BACKGROUND: China has made great progress in improving hospital delivery-the coverage of hospital delivery has increased to above 95% in most regions- some regions lag behind owing to geographic and economic inequality, particularly the poor ethnic minority areas of the Sichuan Province. This study explores factors which may influence hospital delivery from multiple perspectives, with implications for practice and policy. METHODS: A framework analysis approach was used to identify and categorize the main barriers and levers to hospital delivery...
2016: International Journal of Environmental Research and Public Health
David M Black
Starting with an outline of Buddhist history from a psychoanalytic perspective, this paper uses ideas from philosophy and psychoanalysis to consider the nature of the psychological effectiveness of religious objects. It suggests that the development of the devotional cult of Buddhas 'without form' such as Amitābha, at-first-glance surprising when juxtaposed with the founding vision of Gautama Siddhartha, tells us a great deal about the psychological needs that impel the evolution of religious thinking. Distinguishing religious objects from mythological ones, it argues that 'religious objects' are, more specifically, allegorical objects that can be encountered in the second person; that these may not always be well described as 'illusion'; and that they may in some cases be better understood as providing opportunities for experience that, like the transference in psychoanalysis, may have far-reaching psychological impacts...
July 29, 2016: International Journal of Psycho-analysis
Andrew Lawler
No abstract text is available yet for this article.
July 22, 2016: Science
Ruth Wolf
The medical approach as summarized by Leibowitz--"We must treat the person, not just the disease"--highlights the importance of treating the sick person and not only the illness' pathology. This approach calls for healing not only the physical side, but also--and mainly--the mental aspect of the patient. One of the goals of this article is to turn physicians' attention towards the compassion necessary in treating a person with a severe or chronic illness, or a person who is dying--precisely because sometimes there is no medical cure for the physical state of such a patient...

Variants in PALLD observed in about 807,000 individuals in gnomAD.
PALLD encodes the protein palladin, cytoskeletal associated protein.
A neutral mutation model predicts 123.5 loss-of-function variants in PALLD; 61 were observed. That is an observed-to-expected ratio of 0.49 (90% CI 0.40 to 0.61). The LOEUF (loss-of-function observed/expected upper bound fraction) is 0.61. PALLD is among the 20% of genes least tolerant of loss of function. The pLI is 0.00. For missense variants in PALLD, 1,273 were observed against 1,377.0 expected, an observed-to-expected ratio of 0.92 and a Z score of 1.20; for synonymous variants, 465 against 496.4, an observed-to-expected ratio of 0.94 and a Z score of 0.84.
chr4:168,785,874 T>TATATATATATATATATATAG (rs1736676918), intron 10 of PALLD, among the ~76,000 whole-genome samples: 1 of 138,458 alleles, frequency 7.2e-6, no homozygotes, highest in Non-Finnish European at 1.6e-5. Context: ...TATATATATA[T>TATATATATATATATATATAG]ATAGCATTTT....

October 2014: Medicine and Law
(no author information available yet)
Philip Kapleau uses the teachings of Eastern and Western religions to discuss death and dying and describes his book as 'essential reading... for all seekers after enlightenment and life-wisdom'. It is another book putting forward a spiritual dimension to the age-long concerns about the meaning of life and death. Much is based on Zen Buddhism which makes it unusual in approach and content.
April 11, 1990: Nursing Standard
Atikarn Gainey, Thep Himathongkam, Hirofumi Tanaka, Daroonwan Suksom
OBJECTIVE: To investigate and compare the effects of Buddhist walking meditation and traditional walking on glycemic control and vascular function in patients with type 2 diabetes mellitus. METHODS: Twenty three patients with type 2 diabetes (50-75 years) were randomly allocated into traditional walking exercise (WE; n=11) or Buddhism-based walking meditation exercise (WM; n=12). Both groups performed a 12-week exercise program that consisted of walking on the treadmill at exercise intensity of 50-70% maximum heart rate for 30min/session, 3 times/week...
June 2016: Complementary Therapies in Medicine
Sienna R Craig, Geoff Childs, Cynthia M Beall
Objectives Whether in metropoles or remote mountain communities, the availability and adoption of contraceptive technologies prompt serious and wide-ranging biological, social, and political-economic questions. The potential shifts in women's capacities to create spaces between pregnancies or to prevent future pregnancies have profound and often positive biological, demographic, and socioeconomic implications. Less acknowledged, however, are the ambivalences that women experience around contraception use-vacillations between moral frameworks, generational difference, and gendered forms of labor that have implications well beyond the boundaries of an individual's reproductive biology...
May 11, 2016: Maternal and Child Health Journal
Hsin-Tzu Sophie Lee, Shu-Chen Cheng, Yu-Tzu Dai, Mei Chang, Wen-Yu Hu